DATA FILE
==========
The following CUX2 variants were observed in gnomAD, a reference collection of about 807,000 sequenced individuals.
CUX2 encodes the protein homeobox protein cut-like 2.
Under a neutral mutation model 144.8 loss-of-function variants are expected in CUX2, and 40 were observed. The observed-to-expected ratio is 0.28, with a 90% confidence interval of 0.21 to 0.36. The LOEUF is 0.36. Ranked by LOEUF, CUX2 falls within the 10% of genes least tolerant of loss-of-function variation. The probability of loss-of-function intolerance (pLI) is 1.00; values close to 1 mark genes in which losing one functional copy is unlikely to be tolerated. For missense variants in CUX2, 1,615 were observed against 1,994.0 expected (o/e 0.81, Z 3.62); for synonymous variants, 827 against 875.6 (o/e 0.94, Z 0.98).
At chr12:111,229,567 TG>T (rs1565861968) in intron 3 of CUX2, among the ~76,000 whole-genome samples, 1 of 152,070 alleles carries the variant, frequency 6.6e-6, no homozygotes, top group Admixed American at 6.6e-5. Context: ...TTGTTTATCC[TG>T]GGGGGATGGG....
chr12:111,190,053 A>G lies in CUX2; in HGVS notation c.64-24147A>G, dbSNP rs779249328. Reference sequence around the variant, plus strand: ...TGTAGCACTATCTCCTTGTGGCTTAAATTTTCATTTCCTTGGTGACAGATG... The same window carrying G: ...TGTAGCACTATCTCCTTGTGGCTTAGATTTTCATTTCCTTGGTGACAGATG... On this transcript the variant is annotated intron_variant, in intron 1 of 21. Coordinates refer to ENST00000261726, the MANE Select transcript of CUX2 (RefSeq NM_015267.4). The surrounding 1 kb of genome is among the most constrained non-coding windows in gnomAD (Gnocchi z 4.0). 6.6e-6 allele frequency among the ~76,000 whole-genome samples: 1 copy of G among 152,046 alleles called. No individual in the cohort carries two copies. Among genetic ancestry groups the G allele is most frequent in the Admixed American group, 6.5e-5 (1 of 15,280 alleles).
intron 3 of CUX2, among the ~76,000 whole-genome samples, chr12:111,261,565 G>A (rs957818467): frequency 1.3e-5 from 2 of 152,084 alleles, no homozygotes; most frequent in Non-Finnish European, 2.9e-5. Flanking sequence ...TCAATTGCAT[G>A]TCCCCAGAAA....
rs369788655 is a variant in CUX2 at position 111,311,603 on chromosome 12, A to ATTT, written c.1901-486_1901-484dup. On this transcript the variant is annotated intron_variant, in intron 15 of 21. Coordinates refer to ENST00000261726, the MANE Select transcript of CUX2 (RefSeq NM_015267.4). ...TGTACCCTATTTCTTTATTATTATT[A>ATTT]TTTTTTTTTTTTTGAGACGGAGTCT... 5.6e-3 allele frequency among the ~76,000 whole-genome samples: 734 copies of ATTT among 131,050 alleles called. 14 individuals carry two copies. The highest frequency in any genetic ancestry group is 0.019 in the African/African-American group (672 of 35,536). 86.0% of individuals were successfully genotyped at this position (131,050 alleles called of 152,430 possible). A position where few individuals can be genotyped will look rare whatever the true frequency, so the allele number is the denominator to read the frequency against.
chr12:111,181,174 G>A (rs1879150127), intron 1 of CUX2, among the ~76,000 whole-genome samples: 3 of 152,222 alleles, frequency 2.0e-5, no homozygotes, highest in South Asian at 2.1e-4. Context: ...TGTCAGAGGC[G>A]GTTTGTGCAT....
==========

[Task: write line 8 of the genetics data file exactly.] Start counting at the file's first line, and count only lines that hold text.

chr12:111,181,174 G>A (rs1879150127), intron 1 of CUX2, among the ~76,000 whole-genome samples: 3 of 152,222 alleles, frequency 2.0e-5, no homozygotes, highest in South Asian at 2.1e-4. Context: ...TGTCAGAGGC[G>A]GTTTGTGCAT....